Sheila Marikar, ABC News.

Photo: Columbia Pictures.

In the above photo, from left to right, are: Steven Poster, International Cinematographers Guild (ICG) national president, Jim Matlosz, chairman of ICG’s ECA committee, Stephen Lighthill, recipient of the Deluxe/Bud Stone Award, Bob Fisher, recipient of the Technicolor Award, Andy Romanoff, recipient of the Kodak Award, and Alan Gitlin, ICG’s national secretary-treasurer.

The International Cinematographers Guild’s 14th Annual Emerging Cinematographer Awards were held this past Sunday, September 26, at the Directors Guild of America Theater in West Hollywood.

Andy Romanoff was given the Kodak Award for Mentoring Young Cinematographers in the Art and Craft of Cinematography. Stephen Lighthill’s Deluxe/Bud Stone Award was for Educational Contributions to the Art and Craft of Cinematography. Bob Fischer’s Technicolor / William A. Fraker Award was for Outstanding Journalistic Contributions to the Art and Craft of Cinematography.

Photo: Mathew Imaging

Producer/director/actor Kevin Smith made a guest appearance at the International Cinematographers Guild’s 14th Annual Emerging Cinematographer Awards (ECA), which took place on Sunday, September 26, at the Directors Guild of America Theater in West Hollywood.

Smith described his reliance on his cinematographers, particularly David Klein (Clerks, Zack and Miri Make a Porno). The filmmaker stated that initially he had known very little about cinematography, framing the shots with his hands and having Klein translate that with the appropriate lens.

The Emerging Cinematographer Awards evening was hosted by Steven Poster ASC, national president of the International Cinematographers Guild (ICG), and Jim Matlosz, chairman of the Guild’s ECA committee.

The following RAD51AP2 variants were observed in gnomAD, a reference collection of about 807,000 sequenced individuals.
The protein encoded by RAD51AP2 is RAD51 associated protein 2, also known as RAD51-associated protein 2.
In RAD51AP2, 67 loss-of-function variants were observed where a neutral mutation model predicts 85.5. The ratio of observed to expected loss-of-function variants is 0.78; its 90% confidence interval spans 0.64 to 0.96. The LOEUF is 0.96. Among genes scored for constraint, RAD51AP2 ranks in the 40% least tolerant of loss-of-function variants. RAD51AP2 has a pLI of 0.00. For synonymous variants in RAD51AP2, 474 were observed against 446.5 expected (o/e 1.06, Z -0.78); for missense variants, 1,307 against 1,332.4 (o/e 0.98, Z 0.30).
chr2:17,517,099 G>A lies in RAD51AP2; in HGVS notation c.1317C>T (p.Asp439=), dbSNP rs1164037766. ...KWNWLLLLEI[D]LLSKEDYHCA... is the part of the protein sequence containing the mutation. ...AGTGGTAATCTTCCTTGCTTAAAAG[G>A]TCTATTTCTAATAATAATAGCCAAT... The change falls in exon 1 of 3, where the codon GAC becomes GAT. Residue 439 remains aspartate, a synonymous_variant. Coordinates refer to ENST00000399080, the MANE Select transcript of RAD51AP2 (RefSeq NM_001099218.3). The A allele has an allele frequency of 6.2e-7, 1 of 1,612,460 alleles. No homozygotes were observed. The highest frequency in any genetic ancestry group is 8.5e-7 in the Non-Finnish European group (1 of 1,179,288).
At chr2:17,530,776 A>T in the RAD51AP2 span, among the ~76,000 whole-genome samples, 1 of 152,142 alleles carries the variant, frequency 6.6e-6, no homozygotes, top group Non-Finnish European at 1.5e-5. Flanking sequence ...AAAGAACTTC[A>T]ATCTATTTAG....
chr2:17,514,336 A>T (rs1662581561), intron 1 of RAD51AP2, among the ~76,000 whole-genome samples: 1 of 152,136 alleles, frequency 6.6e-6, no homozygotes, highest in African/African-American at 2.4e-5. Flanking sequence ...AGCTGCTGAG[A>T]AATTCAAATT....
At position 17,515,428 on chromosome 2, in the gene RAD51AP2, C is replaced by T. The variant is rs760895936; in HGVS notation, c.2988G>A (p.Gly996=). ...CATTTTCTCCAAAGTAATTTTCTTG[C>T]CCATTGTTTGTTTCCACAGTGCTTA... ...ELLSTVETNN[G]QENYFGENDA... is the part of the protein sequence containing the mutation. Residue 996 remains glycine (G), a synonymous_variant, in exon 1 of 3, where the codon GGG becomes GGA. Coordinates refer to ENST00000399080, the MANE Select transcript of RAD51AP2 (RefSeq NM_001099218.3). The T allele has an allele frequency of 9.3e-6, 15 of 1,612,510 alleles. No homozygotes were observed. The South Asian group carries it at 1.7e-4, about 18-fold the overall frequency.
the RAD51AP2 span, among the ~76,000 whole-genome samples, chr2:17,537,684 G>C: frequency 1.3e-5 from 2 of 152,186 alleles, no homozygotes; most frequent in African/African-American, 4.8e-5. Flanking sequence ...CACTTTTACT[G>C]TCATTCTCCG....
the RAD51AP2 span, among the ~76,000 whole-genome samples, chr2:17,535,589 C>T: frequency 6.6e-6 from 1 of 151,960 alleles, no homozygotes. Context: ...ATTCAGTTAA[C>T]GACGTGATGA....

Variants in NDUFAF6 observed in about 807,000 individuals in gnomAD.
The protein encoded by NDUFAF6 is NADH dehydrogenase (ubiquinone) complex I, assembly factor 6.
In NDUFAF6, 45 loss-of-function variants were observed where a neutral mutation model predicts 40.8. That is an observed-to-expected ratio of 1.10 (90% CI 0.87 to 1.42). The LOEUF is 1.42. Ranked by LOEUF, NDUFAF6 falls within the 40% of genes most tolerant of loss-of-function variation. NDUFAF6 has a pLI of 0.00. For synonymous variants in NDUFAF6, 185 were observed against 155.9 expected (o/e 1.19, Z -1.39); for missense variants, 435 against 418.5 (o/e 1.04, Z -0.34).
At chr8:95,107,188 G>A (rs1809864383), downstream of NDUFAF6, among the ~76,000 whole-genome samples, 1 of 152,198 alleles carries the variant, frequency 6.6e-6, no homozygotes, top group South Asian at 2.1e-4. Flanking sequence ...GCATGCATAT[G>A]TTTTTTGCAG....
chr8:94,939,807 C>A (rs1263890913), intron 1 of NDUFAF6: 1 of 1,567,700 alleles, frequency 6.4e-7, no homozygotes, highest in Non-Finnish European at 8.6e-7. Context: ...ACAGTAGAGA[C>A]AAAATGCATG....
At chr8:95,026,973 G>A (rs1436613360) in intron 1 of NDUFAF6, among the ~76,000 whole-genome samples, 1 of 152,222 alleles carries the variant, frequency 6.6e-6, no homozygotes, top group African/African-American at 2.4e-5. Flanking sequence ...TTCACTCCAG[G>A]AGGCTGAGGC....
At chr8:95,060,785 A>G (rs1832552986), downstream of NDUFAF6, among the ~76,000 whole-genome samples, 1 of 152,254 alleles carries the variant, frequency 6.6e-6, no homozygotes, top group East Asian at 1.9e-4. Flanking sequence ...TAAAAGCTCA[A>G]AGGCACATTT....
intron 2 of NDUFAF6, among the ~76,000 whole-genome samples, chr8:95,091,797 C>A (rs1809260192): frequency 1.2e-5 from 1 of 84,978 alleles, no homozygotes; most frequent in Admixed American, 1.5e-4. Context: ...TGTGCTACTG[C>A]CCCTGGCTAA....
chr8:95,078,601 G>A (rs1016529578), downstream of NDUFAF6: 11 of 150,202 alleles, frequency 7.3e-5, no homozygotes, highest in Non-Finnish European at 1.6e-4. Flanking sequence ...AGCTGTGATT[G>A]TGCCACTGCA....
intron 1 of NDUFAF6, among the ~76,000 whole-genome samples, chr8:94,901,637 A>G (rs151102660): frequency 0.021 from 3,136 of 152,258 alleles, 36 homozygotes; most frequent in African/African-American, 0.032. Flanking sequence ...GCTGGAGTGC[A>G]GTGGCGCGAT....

Photo: Mathew Imaging

ICG national president Steven Poster with Cameron Duncan, winner of Panavision’s $60,000 film rental package at the International Cinematographers Guild’s 14th Annual Emerging Cinematographer Awards were held Sunday, Sept. 26, at the Directors Guild of America Theater in West Hollywood. Duncan’s win was for his work on the the short film Mr. Marceau.

Arri awarded a prize to Tod Campbell, DP on The Big Bends. Brian Udoff received a prize from Abel Cinetech for his work on Les Mouches, and Deluxe gave their award to Jacob Pinger, cinematographer on The Cycle.

Other honorees, whose films were shown, were Stephanie Dufford (Fantastic Magnifico), Rodney Lamborn (Meridian), Patrick Meade Jones (Android Love) and John Snedden (Brite Eyes).

Trailers were screened for two Honorable Mentions: Aaron Medick (Weequahic) and Tim Bellen (State of Grace).

Photo: Mathew Imaging

And finally, according to a press release we’ve received, actor James Holzier is in negotiations to play the lead in Champion Entertainment’s thriller Playing the Card. If he does get to sign on for the part, Holzier will play a law student whose younger sister is gunned down in a random bank robbery. The attorney-to-be must then use his legal background to bring the killers to justice. Nancy Mccreary penned the screenplay. The project’s director still hasn’t been announced.